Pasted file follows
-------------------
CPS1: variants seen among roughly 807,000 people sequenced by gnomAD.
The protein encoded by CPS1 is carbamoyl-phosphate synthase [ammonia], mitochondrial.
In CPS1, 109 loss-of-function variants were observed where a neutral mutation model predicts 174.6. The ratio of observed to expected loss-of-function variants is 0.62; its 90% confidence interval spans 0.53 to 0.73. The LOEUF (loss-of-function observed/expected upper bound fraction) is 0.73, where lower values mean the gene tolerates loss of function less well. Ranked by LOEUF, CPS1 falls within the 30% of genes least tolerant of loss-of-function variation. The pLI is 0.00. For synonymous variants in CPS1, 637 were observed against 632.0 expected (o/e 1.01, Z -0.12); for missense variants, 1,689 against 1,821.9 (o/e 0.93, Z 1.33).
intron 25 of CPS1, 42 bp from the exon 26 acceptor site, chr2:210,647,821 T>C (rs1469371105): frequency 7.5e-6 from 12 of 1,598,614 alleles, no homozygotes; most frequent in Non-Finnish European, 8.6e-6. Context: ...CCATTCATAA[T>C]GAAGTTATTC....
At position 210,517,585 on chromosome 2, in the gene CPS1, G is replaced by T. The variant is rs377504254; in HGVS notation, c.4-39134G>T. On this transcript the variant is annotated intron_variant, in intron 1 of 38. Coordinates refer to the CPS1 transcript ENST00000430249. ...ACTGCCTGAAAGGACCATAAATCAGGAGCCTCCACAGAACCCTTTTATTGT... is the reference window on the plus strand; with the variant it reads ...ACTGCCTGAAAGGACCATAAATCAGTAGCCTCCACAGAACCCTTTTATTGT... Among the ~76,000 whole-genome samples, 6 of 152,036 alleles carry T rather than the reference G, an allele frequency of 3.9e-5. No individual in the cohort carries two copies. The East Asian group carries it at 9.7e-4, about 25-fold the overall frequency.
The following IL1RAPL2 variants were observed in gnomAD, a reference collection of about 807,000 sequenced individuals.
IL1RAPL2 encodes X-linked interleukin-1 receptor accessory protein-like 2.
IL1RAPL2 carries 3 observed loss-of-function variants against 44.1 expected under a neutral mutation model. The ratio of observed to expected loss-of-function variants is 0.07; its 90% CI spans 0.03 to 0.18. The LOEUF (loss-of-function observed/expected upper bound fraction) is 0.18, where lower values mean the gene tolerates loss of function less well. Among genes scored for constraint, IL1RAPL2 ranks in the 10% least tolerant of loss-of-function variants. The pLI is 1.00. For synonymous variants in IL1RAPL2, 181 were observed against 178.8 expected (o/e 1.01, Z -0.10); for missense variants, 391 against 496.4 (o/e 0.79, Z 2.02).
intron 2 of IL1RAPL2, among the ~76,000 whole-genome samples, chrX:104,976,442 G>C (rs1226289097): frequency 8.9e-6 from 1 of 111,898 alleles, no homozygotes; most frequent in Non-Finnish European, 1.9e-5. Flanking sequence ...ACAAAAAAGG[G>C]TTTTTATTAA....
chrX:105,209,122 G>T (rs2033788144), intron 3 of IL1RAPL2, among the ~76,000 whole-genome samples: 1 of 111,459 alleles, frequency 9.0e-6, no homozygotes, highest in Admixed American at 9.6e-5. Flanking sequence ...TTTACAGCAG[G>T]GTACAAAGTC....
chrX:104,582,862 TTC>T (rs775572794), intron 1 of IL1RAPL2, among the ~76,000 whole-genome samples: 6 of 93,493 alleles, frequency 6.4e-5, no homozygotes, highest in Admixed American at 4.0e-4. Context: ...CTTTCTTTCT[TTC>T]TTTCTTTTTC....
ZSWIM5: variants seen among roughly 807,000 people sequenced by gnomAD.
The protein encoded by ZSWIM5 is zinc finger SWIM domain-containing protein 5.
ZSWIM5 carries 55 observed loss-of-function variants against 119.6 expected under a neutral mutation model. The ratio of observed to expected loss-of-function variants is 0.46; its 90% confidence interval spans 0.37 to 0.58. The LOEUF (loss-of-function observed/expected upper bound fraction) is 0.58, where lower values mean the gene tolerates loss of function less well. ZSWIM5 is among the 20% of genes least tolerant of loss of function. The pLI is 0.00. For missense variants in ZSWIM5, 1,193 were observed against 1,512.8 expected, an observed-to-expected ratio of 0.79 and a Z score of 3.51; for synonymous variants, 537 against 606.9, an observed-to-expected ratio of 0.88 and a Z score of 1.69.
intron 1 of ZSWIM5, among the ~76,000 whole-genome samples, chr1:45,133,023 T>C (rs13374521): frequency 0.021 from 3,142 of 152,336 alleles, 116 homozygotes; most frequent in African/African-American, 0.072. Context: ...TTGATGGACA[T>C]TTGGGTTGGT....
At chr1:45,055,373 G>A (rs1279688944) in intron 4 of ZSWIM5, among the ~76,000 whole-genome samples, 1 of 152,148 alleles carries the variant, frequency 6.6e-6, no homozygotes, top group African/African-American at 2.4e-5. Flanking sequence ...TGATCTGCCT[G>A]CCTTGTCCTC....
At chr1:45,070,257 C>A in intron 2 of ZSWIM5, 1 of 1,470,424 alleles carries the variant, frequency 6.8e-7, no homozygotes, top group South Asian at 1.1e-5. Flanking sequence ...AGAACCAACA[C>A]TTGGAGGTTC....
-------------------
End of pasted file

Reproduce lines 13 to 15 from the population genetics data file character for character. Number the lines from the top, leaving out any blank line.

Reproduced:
The protein encoded by ZSWIM5 is zinc finger SWIM domain-containing protein 5.
ZSWIM5 carries 55 observed loss-of-function variants against 119.6 expected under a neutral mutation model. The ratio of observed to expected loss-of-function variants is 0.46; its 90% confidence interval spans 0.37 to 0.58. The LOEUF (loss-of-function observed/expected upper bound fraction) is 0.58, where lower values mean the gene tolerates loss of function less well. ZSWIM5 is among the 20% of genes least tolerant of loss of function. The pLI is 0.00. For missense variants in ZSWIM5, 1,193 were observed against 1,512.8 expected, an observed-to-expected ratio of 0.79 and a Z score of 3.51; for synonymous variants, 537 against 606.9, an observed-to-expected ratio of 0.88 and a Z score of 1.69.
intron 1 of ZSWIM5, among the ~76,000 whole-genome samples, chr1:45,133,023 T>C (rs13374521): frequency 0.021 from 3,142 of 152,336 alleles, 116 homozygotes; most frequent in African/African-American, 0.072. Context: ...TTGATGGACA[T>C]TTGGGTTGGT....